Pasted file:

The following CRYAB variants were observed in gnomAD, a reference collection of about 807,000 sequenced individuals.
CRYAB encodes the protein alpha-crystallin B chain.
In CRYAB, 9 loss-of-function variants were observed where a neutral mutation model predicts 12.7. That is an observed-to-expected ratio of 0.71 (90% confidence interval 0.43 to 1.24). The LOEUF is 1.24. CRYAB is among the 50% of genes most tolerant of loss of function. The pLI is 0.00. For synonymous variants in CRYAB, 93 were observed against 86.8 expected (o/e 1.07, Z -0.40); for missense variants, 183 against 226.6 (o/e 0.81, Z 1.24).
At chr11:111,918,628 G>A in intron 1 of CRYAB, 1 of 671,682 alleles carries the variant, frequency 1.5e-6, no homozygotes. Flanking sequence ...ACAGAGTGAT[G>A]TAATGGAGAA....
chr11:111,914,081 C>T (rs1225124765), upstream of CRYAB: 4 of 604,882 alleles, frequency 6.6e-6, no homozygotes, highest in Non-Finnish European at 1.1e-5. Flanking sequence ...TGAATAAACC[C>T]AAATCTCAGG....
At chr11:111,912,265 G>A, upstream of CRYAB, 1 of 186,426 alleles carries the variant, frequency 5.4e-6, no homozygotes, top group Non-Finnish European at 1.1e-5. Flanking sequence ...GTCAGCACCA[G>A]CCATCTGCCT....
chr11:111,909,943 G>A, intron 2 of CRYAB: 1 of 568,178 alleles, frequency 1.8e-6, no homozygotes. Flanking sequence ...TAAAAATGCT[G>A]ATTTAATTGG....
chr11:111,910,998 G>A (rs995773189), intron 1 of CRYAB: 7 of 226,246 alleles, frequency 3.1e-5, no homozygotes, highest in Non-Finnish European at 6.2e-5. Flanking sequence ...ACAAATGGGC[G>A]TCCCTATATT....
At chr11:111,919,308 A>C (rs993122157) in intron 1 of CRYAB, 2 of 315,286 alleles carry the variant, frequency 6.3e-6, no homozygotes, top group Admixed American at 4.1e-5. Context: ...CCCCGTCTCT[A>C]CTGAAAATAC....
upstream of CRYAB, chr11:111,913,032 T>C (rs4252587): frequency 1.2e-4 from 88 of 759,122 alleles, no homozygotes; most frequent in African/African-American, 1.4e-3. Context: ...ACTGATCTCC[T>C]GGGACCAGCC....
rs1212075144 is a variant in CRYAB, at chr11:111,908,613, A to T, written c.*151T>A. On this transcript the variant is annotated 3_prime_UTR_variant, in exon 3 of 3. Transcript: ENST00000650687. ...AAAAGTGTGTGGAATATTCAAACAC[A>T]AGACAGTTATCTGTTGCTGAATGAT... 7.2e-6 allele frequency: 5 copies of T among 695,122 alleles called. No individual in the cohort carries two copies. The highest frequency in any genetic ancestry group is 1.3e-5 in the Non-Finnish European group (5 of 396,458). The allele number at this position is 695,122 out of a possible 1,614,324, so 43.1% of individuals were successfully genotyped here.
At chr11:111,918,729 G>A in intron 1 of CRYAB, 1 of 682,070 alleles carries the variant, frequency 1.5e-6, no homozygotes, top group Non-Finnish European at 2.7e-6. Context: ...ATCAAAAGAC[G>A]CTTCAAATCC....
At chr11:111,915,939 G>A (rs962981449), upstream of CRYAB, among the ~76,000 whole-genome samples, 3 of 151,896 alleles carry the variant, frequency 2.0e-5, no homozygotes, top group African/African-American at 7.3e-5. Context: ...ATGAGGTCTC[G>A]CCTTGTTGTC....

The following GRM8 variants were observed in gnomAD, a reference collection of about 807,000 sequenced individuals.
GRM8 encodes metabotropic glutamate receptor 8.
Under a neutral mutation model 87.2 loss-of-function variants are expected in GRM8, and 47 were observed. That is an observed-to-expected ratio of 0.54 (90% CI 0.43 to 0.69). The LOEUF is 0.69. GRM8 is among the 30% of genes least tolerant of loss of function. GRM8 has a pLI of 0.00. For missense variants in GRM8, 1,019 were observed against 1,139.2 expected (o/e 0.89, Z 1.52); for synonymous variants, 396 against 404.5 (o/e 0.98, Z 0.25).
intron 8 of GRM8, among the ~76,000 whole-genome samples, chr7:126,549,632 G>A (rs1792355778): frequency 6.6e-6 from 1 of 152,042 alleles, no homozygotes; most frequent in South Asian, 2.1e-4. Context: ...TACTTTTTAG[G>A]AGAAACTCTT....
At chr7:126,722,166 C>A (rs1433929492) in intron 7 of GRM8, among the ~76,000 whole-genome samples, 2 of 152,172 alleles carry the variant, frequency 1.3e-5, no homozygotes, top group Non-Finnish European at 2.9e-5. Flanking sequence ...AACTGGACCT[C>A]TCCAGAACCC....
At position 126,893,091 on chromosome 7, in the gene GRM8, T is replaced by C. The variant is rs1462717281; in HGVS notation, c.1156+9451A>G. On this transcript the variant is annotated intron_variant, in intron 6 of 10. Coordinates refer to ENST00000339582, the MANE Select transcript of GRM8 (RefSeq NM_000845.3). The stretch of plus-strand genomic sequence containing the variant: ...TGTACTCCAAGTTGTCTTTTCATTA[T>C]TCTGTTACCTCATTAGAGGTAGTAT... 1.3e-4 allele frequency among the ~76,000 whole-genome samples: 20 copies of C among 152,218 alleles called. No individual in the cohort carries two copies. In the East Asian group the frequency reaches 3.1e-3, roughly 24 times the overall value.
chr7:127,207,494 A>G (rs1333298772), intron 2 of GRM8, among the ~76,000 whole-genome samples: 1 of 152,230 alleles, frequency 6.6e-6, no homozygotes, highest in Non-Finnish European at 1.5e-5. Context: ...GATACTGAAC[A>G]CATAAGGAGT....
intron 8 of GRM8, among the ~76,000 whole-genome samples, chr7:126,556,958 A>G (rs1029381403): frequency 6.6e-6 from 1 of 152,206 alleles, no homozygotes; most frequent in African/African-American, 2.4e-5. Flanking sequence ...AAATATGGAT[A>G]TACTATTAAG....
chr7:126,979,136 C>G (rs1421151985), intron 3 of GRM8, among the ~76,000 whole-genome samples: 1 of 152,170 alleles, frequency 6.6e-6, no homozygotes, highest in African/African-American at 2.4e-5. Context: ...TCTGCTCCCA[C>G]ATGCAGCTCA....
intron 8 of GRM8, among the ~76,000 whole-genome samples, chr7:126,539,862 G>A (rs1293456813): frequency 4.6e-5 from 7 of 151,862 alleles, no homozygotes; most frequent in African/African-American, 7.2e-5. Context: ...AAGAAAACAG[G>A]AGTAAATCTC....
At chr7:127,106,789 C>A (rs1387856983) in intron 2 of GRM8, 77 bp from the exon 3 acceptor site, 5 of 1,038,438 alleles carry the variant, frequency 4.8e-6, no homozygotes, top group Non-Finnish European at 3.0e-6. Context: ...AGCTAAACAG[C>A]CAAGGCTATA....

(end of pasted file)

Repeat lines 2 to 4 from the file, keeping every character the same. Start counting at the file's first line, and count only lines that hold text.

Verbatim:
CRYAB encodes the protein alpha-crystallin B chain.
In CRYAB, 9 loss-of-function variants were observed where a neutral mutation model predicts 12.7. That is an observed-to-expected ratio of 0.71 (90% confidence interval 0.43 to 1.24). The LOEUF is 1.24. CRYAB is among the 50% of genes most tolerant of loss of function. The pLI is 0.00. For synonymous variants in CRYAB, 93 were observed against 86.8 expected (o/e 1.07, Z -0.40); for missense variants, 183 against 226.6 (o/e 0.81, Z 1.24).
At chr11:111,918,628 G>A in intron 1 of CRYAB, 1 of 671,682 alleles carries the variant, frequency 1.5e-6, no homozygotes. Flanking sequence ...ACAGAGTGAT[G>A]TAATGGAGAA....